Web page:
Distinguishing Between Water Damage & Mold on Environmental Claims

Mold conditions are one of the most frequent pollution claims tendered to insurance companies. These claims can vary in complexity, and losses vary from low to high cost severity. Oftentimes, water damage expenses are incorrectly claimed as pollution expenses. In our experience, the earlier an insurer can be involved in a mold evaluation, the easier it is to weigh in on what qualifies as a mold expense versus those solely defined as water damage.


Claims involving mold and water damage are especially relevant now as a result of COVID-19 shutdowns. Many schools and businesses have temporary closed, which can result in unchecked moisture and mold conditions. Facilities are likely short-staffed and therefore not able to provide the necessary checks to prevent water leaks or maintain HVAC operation to control moisture levels in buildings. Some facilities may be shut down entirely (including HVAC operation) to save on operating costs, resulting in elevated moisture conditions. Elevated moisture and unchecked water leaks can, and often do, cause and amplify mold inside buildings. The following recommendations and reminders to insureds can help prevent mold amplification at facilities:

  • Control humidity levels
  • Thoroughly clean and dry areas after water intrusion
  • Ventilate areas of high humidity
  • Keep humidity levels between 30% and 50%
  • Use an air conditioner or dehumidifier during humid months
  • Monitor and repair leaks at the facility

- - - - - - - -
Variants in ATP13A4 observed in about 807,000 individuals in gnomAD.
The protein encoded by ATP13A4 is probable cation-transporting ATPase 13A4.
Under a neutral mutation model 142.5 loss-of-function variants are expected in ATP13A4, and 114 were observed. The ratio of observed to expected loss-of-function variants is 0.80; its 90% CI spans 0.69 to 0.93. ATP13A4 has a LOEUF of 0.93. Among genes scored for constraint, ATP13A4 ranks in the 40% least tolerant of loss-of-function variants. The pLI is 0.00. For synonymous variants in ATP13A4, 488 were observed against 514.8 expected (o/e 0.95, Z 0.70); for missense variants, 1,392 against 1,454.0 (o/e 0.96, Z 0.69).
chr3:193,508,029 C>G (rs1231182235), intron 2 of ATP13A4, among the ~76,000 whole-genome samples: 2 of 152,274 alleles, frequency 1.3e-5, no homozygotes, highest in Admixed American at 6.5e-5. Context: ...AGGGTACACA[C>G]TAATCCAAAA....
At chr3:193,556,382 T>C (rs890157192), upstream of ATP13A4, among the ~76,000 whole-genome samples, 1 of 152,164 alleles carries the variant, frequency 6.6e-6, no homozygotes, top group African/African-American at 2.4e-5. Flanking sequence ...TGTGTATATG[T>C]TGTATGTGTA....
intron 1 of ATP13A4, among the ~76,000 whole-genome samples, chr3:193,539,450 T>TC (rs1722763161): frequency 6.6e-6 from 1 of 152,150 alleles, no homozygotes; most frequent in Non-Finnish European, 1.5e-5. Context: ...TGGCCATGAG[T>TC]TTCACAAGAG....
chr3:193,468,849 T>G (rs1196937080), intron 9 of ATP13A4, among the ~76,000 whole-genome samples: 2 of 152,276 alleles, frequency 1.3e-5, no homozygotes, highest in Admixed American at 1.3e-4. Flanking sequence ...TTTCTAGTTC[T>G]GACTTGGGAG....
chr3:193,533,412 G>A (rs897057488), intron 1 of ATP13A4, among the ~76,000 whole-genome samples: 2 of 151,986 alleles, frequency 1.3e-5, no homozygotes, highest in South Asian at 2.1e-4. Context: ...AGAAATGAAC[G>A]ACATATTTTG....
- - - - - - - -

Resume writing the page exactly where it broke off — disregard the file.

Mold requires both a food source and moisture to grow. Building materials are generally a good food source for mold, so proper building maintenance and moisture control are critical to prevent mold amplification. As schools and businesses resume operations and occupancy, elevated moisture conditions and unchecked water intrusion will likely be discovered and may result in mold amplification at these facilities, resulting in environmental claims.


Once a mold condition is noted and the insurer is notified of a claim, it’s helpful for insurers to have vendors in place that can respond quickly to evaluate the loss. This includes identifying the cause and origin of water intrusion and/or mold amplification as well as separating costs for water damage vs. mold. This work can be performed through site visits and/or document reviews and can result in significant cost savings to insurers, since water damage is typically covered by an insured’s property carrier while mold remediation is specific to the policies covered by their environmental carrier.


For more information on this subject or to ask a question about a mold claim, please contact us.

Additional Resources

Environmental Protection Agency (EPA)

“Mold Moisture and Your Home”

“Mold Remediation in Schools and Commercial Buildings”


Occupational Safety & Health Administration (OSHA)

“Indoor Air Quality in Commercial and Institutional Buildings”


American Society of Heating, Refrigerating & Air-Conditioning Engineers (ASHRAE)

“Indoor Air Quality Guide”


New York City (NYC)

“Guidelines on Assessment & Remediation of Fungi in Indoor Environments”


Centers for Disease Control & Prevention (CDC)

Multiple resources

Sergio Honl

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